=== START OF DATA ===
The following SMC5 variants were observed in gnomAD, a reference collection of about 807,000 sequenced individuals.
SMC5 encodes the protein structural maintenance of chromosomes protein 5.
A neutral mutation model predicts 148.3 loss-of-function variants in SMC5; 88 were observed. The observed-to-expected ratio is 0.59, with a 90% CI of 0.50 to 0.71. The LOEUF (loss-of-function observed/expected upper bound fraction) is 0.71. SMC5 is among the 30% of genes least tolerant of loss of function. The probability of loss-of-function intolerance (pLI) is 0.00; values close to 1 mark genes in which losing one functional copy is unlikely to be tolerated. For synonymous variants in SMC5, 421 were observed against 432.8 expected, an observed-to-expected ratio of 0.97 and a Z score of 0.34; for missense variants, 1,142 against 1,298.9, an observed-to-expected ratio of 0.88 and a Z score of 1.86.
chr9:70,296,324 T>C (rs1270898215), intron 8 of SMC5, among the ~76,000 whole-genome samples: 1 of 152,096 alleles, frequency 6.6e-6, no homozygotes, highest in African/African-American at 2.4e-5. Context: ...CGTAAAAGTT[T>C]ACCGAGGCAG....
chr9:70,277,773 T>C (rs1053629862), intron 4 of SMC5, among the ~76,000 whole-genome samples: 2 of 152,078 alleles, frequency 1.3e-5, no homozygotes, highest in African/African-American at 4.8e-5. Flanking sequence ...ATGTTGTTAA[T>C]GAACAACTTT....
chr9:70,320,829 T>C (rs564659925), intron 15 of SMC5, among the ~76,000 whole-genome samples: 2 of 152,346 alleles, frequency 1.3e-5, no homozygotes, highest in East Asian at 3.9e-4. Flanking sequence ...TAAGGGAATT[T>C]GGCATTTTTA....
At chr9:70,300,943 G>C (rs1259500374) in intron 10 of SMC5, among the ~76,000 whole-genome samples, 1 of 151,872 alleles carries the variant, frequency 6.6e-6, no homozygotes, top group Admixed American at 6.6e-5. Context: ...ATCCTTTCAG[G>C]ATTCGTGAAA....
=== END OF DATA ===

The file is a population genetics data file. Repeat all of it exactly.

The following SMC5 variants were observed in gnomAD, a reference collection of about 807,000 sequenced individuals.
SMC5 encodes the protein structural maintenance of chromosomes protein 5.
A neutral mutation model predicts 148.3 loss-of-function variants in SMC5; 88 were observed. The observed-to-expected ratio is 0.59, with a 90% CI of 0.50 to 0.71. The LOEUF (loss-of-function observed/expected upper bound fraction) is 0.71. SMC5 is among the 30% of genes least tolerant of loss of function. The probability of loss-of-function intolerance (pLI) is 0.00; values close to 1 mark genes in which losing one functional copy is unlikely to be tolerated. For synonymous variants in SMC5, 421 were observed against 432.8 expected, an observed-to-expected ratio of 0.97 and a Z score of 0.34; for missense variants, 1,142 against 1,298.9, an observed-to-expected ratio of 0.88 and a Z score of 1.86.
chr9:70,296,324 T>C (rs1270898215), intron 8 of SMC5, among the ~76,000 whole-genome samples: 1 of 152,096 alleles, frequency 6.6e-6, no homozygotes, highest in African/African-American at 2.4e-5. Context: ...CGTAAAAGTT[T>C]ACCGAGGCAG....
chr9:70,277,773 T>C (rs1053629862), intron 4 of SMC5, among the ~76,000 whole-genome samples: 2 of 152,078 alleles, frequency 1.3e-5, no homozygotes, highest in African/African-American at 4.8e-5. Flanking sequence ...ATGTTGTTAA[T>C]GAACAACTTT....
chr9:70,320,829 T>C (rs564659925), intron 15 of SMC5, among the ~76,000 whole-genome samples: 2 of 152,346 alleles, frequency 1.3e-5, no homozygotes, highest in East Asian at 3.9e-4. Flanking sequence ...TAAGGGAATT[T>C]GGCATTTTTA....
At chr9:70,300,943 G>C (rs1259500374) in intron 10 of SMC5, among the ~76,000 whole-genome samples, 1 of 151,872 alleles carries the variant, frequency 6.6e-6, no homozygotes, top group Admixed American at 6.6e-5. Context: ...ATCCTTTCAG[G>C]ATTCGTGAAA....